The Alt-Right’s Pepe the Frog Meme, Chaos Magick, and the Rise of Trump
By now, every Trump fan on the Alt-Right knows about Pepe the Frog, the Cult of Kek and their relation to Chaos Magick, thanks to the excellent summary of the synchronistic events at https://pepethefrogfaith.wordpress.com and Hillary Clinton’s help promulgating the Pepe on her website.
Is the Cult of Kek just an elaborate troll? Is it, as Davis M.J. Aurini said in his YouTube video “Pepe, Kek, and the Rise of an Elder God,” actually a dangerous invocation of the Lovecraft-inspired deity Azathoth? Or is it Chaos Magick so powerful that it made Hillary Clinton faint when leaving a 9/11 memorial event?
We’re surrounded by symbols that influence us on a subconscious level, whether they’re corporate logos or religious icons. Pepe the Frog isn’t any different, in terms of being able to rally Alt-Righters or trigger SJWs. But the more esoteric aspect of the Cult of Kek involves the frog’s use as a magical sigil. To understand that requires a brief summary of Chaos Magick.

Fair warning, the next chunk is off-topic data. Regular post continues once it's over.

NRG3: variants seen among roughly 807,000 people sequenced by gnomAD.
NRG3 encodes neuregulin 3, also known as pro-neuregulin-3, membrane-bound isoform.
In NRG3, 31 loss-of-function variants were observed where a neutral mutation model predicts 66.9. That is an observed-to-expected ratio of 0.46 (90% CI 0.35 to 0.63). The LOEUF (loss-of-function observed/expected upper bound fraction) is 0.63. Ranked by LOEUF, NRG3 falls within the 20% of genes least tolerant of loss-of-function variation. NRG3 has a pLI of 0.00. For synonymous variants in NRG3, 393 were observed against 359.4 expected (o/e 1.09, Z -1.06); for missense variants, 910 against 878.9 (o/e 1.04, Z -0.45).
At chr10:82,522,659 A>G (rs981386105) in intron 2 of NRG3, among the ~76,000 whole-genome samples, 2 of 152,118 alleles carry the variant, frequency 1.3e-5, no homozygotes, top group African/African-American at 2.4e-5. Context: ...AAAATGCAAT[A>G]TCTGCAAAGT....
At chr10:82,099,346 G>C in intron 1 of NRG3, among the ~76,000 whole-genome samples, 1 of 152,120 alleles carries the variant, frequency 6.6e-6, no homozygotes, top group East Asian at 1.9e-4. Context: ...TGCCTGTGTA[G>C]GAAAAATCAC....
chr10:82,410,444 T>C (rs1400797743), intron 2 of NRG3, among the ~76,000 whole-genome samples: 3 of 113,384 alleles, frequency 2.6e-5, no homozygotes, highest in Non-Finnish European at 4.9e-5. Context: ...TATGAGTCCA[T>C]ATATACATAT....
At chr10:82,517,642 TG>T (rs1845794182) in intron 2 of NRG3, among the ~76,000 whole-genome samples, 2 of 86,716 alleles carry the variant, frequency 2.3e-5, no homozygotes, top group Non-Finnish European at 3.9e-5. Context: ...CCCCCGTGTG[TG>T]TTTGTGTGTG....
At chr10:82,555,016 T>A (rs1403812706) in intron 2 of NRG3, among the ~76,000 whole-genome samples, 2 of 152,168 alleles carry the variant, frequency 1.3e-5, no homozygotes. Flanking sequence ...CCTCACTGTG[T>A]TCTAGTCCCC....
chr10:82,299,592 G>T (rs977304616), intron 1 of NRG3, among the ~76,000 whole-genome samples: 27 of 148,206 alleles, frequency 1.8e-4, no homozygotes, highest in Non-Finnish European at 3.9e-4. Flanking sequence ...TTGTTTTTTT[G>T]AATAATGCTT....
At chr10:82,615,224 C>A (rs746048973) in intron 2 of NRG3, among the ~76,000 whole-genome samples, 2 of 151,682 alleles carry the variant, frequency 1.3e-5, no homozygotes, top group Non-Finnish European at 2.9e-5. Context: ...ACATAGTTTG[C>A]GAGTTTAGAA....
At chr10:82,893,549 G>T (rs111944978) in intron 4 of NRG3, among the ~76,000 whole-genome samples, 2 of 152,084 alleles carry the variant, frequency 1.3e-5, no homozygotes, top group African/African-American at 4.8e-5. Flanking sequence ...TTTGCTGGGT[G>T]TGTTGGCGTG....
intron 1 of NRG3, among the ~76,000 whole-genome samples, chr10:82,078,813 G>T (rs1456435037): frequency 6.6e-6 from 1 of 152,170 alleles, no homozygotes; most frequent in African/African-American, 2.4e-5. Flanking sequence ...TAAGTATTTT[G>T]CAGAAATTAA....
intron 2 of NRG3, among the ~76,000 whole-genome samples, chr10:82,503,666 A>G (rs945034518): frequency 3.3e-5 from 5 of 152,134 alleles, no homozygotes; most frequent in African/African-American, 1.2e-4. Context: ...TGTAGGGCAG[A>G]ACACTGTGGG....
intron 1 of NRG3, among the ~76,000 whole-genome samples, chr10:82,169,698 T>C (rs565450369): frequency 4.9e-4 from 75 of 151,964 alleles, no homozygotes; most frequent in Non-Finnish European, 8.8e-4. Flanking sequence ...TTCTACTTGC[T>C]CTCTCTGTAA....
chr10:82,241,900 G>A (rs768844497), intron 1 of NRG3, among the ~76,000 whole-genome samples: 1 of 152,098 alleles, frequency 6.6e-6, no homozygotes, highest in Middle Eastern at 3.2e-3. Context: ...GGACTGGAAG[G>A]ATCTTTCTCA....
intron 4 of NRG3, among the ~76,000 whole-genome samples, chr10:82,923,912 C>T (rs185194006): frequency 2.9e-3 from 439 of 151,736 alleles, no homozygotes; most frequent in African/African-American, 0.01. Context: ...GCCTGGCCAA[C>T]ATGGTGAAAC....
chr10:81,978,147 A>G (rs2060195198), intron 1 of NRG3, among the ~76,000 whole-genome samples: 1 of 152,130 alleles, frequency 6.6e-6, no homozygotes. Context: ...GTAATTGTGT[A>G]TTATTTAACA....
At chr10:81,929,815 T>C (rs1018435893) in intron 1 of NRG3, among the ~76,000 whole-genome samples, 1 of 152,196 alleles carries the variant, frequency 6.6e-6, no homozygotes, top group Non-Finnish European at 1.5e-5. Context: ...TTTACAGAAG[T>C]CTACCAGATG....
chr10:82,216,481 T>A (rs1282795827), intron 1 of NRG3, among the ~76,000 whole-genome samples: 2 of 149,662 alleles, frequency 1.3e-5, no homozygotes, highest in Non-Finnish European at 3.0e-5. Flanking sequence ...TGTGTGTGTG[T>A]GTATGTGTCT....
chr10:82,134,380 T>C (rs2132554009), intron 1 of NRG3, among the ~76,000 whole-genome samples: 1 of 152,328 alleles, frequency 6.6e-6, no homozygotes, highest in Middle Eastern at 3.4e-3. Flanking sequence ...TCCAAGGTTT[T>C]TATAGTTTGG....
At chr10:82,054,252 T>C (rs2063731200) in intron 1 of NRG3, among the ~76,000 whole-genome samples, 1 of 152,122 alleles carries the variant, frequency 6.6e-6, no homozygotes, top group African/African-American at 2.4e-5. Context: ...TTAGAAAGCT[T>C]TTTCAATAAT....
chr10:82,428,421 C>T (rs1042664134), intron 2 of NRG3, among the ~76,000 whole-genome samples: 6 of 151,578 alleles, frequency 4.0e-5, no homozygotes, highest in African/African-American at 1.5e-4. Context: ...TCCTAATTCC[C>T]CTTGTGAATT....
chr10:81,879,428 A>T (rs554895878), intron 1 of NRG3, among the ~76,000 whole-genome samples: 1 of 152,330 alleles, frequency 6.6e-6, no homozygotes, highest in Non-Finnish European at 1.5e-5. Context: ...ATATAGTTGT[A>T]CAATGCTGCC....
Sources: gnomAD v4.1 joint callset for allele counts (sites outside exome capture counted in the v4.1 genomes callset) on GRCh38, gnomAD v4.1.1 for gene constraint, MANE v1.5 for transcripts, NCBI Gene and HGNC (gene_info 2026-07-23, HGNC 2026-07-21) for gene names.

An Introduction to Chaos Magick and Sigils
Chaos Magick is based upon the tradition of Ceremonial Magick in Europe and America, which includes everything from summoning demons and talking to angels in the Christian tradition, complex initiation rituals using Egyptian god-forms in the Hermetic Order of the Golden Dawn, and the New Aeon Magick of Aleister Crowley. Chaos Magick was formed by a number of magicians who relaxed the rules, stripping Ceremonial Magick down to its core and focusing on experimentation.
One of the most popular aspects of Chaos Magick is the use of sigils, which are symbols used to represent something else. Some magicians use more ancient sigils, like these related Venus depicted below:
Other magicians create their own sigils, like these drawn by Austin Osman Spare: